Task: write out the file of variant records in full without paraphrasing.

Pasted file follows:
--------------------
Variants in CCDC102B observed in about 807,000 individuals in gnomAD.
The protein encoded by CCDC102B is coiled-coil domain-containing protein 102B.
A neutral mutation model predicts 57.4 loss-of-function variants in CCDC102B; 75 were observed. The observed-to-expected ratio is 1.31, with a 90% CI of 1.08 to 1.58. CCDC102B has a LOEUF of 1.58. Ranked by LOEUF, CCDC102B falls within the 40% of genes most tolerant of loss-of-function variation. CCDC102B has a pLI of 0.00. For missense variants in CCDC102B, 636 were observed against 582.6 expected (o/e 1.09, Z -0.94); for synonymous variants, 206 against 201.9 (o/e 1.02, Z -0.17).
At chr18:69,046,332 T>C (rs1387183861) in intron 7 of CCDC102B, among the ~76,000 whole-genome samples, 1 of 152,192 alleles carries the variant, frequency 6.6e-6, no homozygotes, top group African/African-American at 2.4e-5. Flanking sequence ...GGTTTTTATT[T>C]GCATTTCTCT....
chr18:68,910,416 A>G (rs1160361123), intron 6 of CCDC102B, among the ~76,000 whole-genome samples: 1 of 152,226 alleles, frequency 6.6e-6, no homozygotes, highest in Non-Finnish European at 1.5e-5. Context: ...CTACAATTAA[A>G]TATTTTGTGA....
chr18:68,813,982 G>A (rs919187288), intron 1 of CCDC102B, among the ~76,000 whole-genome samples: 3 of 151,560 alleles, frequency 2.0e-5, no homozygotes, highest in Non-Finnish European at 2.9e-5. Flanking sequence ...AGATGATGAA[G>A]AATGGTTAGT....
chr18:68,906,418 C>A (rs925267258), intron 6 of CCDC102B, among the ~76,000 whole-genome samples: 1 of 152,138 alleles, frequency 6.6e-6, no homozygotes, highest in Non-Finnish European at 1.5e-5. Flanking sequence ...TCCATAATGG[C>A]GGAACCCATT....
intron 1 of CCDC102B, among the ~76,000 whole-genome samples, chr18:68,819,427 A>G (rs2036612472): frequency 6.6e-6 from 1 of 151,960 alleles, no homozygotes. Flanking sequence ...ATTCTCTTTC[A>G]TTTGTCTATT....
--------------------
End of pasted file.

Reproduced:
Variants in CCDC102B observed in about 807,000 individuals in gnomAD.
The protein encoded by CCDC102B is coiled-coil domain-containing protein 102B.
A neutral mutation model predicts 57.4 loss-of-function variants in CCDC102B; 75 were observed. The observed-to-expected ratio is 1.31, with a 90% CI of 1.08 to 1.58. CCDC102B has a LOEUF of 1.58. Ranked by LOEUF, CCDC102B falls within the 40% of genes most tolerant of loss-of-function variation. CCDC102B has a pLI of 0.00. For missense variants in CCDC102B, 636 were observed against 582.6 expected (o/e 1.09, Z -0.94); for synonymous variants, 206 against 201.9 (o/e 1.02, Z -0.17).
At chr18:69,046,332 T>C (rs1387183861) in intron 7 of CCDC102B, among the ~76,000 whole-genome samples, 1 of 152,192 alleles carries the variant, frequency 6.6e-6, no homozygotes, top group African/African-American at 2.4e-5. Flanking sequence ...GGTTTTTATT[T>C]GCATTTCTCT....
chr18:68,910,416 A>G (rs1160361123), intron 6 of CCDC102B, among the ~76,000 whole-genome samples: 1 of 152,226 alleles, frequency 6.6e-6, no homozygotes, highest in Non-Finnish European at 1.5e-5. Context: ...CTACAATTAA[A>G]TATTTTGTGA....
chr18:68,813,982 G>A (rs919187288), intron 1 of CCDC102B, among the ~76,000 whole-genome samples: 3 of 151,560 alleles, frequency 2.0e-5, no homozygotes, highest in Non-Finnish European at 2.9e-5. Flanking sequence ...AGATGATGAA[G>A]AATGGTTAGT....
chr18:68,906,418 C>A (rs925267258), intron 6 of CCDC102B, among the ~76,000 whole-genome samples: 1 of 152,138 alleles, frequency 6.6e-6, no homozygotes, highest in Non-Finnish European at 1.5e-5. Flanking sequence ...TCCATAATGG[C>A]GGAACCCATT....
intron 1 of CCDC102B, among the ~76,000 whole-genome samples, chr18:68,819,427 A>G (rs2036612472): frequency 6.6e-6 from 1 of 151,960 alleles, no homozygotes. Flanking sequence ...ATTCTCTTTC[A>G]TTTGTCTATT....